A couple welcomes a rescue dog into their home and learns an important lesson.
My husband and I were devastated when our beloved Komondor, Marley, died of cancer. He was a loving, comical and courageous dog. But even as we grieved, we knew we would someday bring another dog into our lives and hearts.
During our search for another dog, we started talking about rescuing a Komondor. We placed our names with the Komondor rescue group and started looking on Petfinder.com. One day, my husband came home with a printed picture from the website and said he’d found our next dog. There was Dennis, a Komondor and Great Pyrenees crossbreed, staring back at me with sad yet sweet eyes and a nose as black as coal. After many conversations with his foster owner, we decided to make the trip to Illinois to meet our first rescue dog.
Dennis came to us at 10 months of age. The rescue told us that Dennis languished in a permanent cage confinement with no room to stand or turn around for the first four months of his life. He also endured starvation in his second home, dropping 30 pounds and developing a food phobia. He was adopted again, but then returned to the rescue one month later when the owners decided they wanted a Rottweiler instead.
At first, we questioned if we had what it takes to heal his wounded heart. Every time we entered the room, Dennis fled. He trembled whenever we attempted to pet him. When presented with food, Dennis panicked. The depth of his needs seemed truly overwhelming.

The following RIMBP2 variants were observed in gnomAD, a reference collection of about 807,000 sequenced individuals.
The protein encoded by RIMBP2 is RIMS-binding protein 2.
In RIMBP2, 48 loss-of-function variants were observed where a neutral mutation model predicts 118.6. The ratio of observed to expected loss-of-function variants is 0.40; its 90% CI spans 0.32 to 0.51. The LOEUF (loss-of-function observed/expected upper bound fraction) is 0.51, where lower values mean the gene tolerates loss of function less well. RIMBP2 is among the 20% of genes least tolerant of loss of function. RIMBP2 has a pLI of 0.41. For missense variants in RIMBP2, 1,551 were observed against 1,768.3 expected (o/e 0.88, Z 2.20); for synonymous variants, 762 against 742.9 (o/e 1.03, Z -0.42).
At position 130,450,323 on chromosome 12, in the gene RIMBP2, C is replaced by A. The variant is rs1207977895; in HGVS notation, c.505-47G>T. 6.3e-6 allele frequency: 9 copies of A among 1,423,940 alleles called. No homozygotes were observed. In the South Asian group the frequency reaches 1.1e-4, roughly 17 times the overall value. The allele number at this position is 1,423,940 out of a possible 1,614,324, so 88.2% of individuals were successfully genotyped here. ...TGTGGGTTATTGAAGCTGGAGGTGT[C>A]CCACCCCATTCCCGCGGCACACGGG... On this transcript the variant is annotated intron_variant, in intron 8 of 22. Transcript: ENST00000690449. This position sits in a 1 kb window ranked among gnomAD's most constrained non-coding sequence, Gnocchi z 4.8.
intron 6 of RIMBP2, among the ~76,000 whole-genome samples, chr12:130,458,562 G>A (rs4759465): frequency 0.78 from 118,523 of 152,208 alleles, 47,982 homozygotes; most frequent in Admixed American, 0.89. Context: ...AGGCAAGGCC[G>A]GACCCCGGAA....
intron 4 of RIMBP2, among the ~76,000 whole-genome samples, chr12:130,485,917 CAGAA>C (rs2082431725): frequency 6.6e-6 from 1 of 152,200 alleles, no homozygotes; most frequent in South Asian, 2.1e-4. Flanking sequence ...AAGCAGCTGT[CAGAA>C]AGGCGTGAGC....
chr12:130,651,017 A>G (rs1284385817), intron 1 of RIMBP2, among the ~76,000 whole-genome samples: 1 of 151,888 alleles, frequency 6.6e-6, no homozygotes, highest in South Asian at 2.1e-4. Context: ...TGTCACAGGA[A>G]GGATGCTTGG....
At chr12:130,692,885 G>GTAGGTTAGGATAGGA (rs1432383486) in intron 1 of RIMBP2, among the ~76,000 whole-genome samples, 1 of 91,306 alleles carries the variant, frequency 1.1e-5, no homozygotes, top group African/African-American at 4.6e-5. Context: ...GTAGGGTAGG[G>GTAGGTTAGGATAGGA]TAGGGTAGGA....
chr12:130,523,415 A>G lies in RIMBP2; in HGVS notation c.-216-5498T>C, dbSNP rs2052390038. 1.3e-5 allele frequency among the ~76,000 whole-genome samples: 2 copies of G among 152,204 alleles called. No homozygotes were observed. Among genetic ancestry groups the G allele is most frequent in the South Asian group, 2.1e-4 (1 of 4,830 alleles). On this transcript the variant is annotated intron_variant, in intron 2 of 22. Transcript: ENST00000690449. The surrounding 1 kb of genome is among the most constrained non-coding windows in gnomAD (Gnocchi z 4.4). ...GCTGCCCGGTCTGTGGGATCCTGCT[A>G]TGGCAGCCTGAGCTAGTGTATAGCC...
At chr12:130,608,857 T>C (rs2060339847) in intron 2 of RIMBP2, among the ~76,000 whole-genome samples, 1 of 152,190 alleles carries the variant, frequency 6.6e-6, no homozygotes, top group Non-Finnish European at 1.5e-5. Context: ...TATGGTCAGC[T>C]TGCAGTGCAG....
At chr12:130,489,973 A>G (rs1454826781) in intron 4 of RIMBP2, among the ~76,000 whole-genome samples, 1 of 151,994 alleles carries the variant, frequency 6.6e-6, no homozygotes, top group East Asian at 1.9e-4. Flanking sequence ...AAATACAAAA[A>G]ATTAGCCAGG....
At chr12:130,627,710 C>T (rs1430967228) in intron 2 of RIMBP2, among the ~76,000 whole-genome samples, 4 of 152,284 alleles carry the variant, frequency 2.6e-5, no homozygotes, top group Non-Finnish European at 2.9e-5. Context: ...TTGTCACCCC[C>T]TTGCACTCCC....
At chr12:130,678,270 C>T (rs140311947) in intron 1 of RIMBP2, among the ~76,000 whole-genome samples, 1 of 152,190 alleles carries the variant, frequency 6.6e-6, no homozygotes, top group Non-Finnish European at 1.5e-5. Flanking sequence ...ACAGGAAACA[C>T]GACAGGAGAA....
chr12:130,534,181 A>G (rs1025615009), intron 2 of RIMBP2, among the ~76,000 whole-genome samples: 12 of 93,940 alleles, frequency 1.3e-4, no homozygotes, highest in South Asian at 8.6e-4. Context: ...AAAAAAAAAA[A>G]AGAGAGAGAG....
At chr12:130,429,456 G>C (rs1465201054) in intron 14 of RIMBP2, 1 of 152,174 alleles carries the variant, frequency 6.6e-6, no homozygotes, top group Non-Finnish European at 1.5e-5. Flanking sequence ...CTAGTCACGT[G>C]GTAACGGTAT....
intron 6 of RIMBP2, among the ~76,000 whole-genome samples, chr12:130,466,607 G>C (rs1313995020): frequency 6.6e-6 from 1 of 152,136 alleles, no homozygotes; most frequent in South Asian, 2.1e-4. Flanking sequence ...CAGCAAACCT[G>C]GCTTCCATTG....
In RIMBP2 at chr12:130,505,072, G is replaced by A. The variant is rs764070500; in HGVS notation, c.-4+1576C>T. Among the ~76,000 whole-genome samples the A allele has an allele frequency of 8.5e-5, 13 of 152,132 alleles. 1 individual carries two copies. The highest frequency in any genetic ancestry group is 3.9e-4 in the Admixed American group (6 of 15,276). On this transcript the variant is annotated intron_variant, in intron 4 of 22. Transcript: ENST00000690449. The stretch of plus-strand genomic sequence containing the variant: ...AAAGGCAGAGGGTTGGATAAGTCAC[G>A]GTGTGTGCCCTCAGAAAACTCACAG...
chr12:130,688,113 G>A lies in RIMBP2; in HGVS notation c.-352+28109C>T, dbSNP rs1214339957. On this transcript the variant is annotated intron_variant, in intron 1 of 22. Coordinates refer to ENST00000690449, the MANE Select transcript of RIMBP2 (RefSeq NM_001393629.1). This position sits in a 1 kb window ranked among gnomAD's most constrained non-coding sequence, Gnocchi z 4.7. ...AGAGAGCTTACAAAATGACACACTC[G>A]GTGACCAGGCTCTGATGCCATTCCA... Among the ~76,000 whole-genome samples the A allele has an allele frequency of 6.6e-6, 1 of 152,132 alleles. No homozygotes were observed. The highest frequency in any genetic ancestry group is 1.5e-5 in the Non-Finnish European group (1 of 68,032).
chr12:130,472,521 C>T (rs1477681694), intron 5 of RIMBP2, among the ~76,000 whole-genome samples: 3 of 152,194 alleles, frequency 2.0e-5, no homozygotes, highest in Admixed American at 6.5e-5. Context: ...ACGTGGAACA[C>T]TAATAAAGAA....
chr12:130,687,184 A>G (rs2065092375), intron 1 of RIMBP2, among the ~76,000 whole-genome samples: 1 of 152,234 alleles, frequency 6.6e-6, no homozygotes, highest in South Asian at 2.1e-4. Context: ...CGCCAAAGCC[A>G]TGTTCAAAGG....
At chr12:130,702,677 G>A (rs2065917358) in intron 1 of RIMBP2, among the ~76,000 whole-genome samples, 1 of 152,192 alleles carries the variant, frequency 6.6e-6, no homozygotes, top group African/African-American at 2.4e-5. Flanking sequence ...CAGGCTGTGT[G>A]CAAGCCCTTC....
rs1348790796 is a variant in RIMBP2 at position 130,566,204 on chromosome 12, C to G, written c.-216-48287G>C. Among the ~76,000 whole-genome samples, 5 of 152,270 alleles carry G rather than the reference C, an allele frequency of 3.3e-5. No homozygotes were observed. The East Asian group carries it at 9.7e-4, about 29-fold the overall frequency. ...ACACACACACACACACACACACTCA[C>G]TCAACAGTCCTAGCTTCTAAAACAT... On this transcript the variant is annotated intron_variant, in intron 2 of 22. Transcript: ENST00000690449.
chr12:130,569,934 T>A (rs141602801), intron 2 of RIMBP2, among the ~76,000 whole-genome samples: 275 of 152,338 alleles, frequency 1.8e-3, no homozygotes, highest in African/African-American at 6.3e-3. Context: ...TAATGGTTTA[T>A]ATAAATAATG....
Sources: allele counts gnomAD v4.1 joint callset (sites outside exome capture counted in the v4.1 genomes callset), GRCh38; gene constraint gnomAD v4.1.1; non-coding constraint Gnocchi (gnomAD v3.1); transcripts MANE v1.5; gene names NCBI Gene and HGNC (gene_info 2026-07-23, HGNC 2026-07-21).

But my husband remained hopeful. His confidence in Dennis and my intense aversion at giving up on the dog summoned my resolve. We made countless attempts to build trust and desensitize him to his fears. We spoke with other rescue-dog owners and created numerous opportunities to socialize Dennis. We were told that turning around a dog like Dennis might take months, even years. When I realized this, I stopped beating myself up for lack of progress.
Some days, Dennis moved forward; other days, he moved backward. In the beginning, the bad days outweighed the good, but little by little, he progressed. Dennis stopped fleeing from rooms. He also quit trembling at the sight of unfamiliar pets and, instead, learned that he loved them. Although it took six months, we finally made headway with his food phobia.
It’s been about a year and a half since we rescued him, and we’re still drawing out a personality buried beneath layers of mistreatment. Time has brought out more tail wagging and toy playing, and revealed a happy, comical dog.
We can learn many lessons from our dogs, and perhaps the lesson that Dennis has taught us is to never let fear keep us down.
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